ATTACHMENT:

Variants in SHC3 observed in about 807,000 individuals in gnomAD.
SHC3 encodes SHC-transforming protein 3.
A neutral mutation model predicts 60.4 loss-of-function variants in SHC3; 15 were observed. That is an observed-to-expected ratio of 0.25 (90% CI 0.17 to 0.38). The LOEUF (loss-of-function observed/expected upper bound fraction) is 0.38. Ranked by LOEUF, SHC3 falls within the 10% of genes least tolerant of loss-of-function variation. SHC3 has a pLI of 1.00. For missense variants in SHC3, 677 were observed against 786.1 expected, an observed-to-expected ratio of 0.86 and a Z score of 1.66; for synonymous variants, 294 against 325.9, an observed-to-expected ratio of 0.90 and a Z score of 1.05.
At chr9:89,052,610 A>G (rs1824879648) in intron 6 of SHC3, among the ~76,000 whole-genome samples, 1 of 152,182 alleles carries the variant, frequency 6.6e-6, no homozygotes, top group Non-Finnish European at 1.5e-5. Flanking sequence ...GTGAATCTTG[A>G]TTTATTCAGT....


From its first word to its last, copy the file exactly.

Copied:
Variants in SHC3 observed in about 807,000 individuals in gnomAD.
SHC3 encodes SHC-transforming protein 3.
A neutral mutation model predicts 60.4 loss-of-function variants in SHC3; 15 were observed. That is an observed-to-expected ratio of 0.25 (90% CI 0.17 to 0.38). The LOEUF (loss-of-function observed/expected upper bound fraction) is 0.38. Ranked by LOEUF, SHC3 falls within the 10% of genes least tolerant of loss-of-function variation. SHC3 has a pLI of 1.00. For missense variants in SHC3, 677 were observed against 786.1 expected, an observed-to-expected ratio of 0.86 and a Z score of 1.66; for synonymous variants, 294 against 325.9, an observed-to-expected ratio of 0.90 and a Z score of 1.05.
At chr9:89,052,610 A>G (rs1824879648) in intron 6 of SHC3, among the ~76,000 whole-genome samples, 1 of 152,182 alleles carries the variant, frequency 6.6e-6, no homozygotes, top group Non-Finnish European at 1.5e-5. Flanking sequence ...GTGAATCTTG[A>G]TTTATTCAGT....